Blizzard hit Chukotka, Russia!




September blizzard hit Chukotka, Russia!

Maybe more powerful such as snowfall were severe, 3-digit wind gusts, which occupied a peninsula around 30. September 2021.

Lessons in schools have been canceled, buses have stopped, and the airport does not accept flights.

The snow cyclone will rage until 1. October 2021.

Shortly before, Delyankir, Eastern Siberia, reported -22,0°C, the lowest September temperature in history at the station /https://mkweather.com/siberia-with-the-coldest-september-temperatures-in-history-delyankir-220c//.

A peak of Winter 2021/2022 should arrive in parts of Siberia surprisingly in its first half /https://mkweather.com/winter-2021-2022-forecast-a-peak-near-nao-already-in-december-ne-pacific-warm-blob-nao-and-early-spring-in-february-north-america-oppositely-warm-start-cold-end-of-winter//, while around February, AO+ and NAO+ should bring warmer conditions.

In Eastern Siberia however, a lot of snowfall during Autumn 2021 and Winter 2021/2022 is expectedthe Arctic is colder than previous years /https://mkweather.com/arctic-sea-ice-extent-26-greater-than-last-year-12th-lowest-on-record-and-the-largest-since-2014/; https://mkweather.com/a-lot-of-arctic-sea-ice-northwest-passage-canadian-arctic-should-be-closed-for-the-first-time-since-2008//, but still a lot of moisture is escaping from the ocean, with a result of above-average snowy conditions in parts of Eurasia and Canada / USA.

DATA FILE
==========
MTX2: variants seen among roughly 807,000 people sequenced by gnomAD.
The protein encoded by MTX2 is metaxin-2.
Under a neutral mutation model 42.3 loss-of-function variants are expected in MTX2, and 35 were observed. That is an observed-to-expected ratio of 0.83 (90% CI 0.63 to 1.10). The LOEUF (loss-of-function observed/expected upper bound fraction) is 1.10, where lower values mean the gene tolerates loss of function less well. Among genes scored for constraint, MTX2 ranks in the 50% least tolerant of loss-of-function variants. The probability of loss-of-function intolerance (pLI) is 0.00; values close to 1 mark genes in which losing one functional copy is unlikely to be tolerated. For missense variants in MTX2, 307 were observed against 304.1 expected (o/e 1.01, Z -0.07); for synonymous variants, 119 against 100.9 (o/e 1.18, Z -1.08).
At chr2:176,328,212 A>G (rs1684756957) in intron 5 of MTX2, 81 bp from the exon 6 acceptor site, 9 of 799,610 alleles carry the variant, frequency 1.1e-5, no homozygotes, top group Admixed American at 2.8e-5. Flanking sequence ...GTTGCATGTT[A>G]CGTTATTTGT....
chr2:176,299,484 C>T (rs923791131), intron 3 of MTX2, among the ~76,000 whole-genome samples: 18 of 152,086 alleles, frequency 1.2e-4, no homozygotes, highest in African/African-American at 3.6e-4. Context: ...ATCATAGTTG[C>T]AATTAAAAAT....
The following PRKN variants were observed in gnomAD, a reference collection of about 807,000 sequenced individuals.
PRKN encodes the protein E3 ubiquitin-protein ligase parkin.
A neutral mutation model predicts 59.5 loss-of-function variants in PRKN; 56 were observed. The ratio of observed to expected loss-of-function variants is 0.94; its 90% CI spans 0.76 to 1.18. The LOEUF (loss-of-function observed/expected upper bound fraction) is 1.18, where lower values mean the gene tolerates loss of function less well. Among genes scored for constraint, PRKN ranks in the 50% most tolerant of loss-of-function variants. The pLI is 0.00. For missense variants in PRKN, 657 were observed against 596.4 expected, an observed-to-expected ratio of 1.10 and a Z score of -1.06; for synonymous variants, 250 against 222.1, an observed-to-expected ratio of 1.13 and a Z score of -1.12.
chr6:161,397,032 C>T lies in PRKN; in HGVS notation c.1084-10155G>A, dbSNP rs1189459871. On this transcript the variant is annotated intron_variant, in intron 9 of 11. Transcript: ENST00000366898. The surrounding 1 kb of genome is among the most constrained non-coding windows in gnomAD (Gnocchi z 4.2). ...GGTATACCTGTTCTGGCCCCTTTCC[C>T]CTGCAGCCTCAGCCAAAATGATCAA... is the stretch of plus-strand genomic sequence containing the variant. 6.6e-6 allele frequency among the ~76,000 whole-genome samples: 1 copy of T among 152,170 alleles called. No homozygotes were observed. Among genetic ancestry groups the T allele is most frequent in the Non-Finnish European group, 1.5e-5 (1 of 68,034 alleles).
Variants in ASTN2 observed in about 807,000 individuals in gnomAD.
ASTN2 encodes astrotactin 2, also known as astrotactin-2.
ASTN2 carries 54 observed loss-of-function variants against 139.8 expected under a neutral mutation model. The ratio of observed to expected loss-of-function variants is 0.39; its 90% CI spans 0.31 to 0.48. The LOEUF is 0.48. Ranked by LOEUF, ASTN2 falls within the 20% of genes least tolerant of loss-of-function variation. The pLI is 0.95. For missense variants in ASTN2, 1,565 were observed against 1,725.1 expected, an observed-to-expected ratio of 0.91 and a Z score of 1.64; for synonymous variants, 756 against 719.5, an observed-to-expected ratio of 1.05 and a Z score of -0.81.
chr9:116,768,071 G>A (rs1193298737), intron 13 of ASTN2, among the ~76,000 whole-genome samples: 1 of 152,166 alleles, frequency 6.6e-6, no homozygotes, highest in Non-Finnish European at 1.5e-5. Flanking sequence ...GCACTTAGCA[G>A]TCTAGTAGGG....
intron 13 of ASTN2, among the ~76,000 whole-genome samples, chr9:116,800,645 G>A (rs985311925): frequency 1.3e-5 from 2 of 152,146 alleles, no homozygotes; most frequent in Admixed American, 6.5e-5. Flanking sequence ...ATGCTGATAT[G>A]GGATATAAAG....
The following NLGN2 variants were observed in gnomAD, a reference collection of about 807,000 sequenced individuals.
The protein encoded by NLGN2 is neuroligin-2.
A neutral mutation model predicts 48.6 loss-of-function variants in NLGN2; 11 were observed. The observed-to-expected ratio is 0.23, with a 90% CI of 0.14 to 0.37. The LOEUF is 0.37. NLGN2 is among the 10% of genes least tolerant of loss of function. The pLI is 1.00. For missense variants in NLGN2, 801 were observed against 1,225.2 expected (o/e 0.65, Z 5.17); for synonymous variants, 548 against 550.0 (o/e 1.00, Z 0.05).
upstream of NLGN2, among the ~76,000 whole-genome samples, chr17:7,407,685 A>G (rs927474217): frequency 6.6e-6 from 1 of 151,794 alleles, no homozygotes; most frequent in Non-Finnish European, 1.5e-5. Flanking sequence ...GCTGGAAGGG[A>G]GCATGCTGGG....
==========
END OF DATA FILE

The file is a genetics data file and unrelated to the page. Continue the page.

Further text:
Overall, snow cover extent in Northern Hemisphere is strongly increasing in autumn and slightly increase in winter, and decrease in the spring period was observed, which should be associated with changes in the Arctic (melting Arctic around a minimum of sea ice extent – a shift of Gulf stream southward – Global warming hole – a shift of stormtrack southward and NAO- / AO-) and NAO seasonal fluctuations trends /https://mkweather.com/nao-winters-and-nao-summers-this-year-is-different-similar-such-as-2010-summers//.

Snow cover anomaly in Northern Hemisphere on 2. October 2021 /Source: http://climate.rutgers.edu/snowcover/chart_daily.php?ui_year=2021&ui_day=275&ui_set=2/
Source: http://climate.rutgers.edu/snowcover/chart_seasonal.php?ui_set=nhland&ui_season=2
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Author: marekkucera
Writer about weather since 2007. The goal of this project is to inform a wide audience about extremes of weather, atmospheric circulation, and climate change around the world. If you like our work, you can support us on Patreon or donate.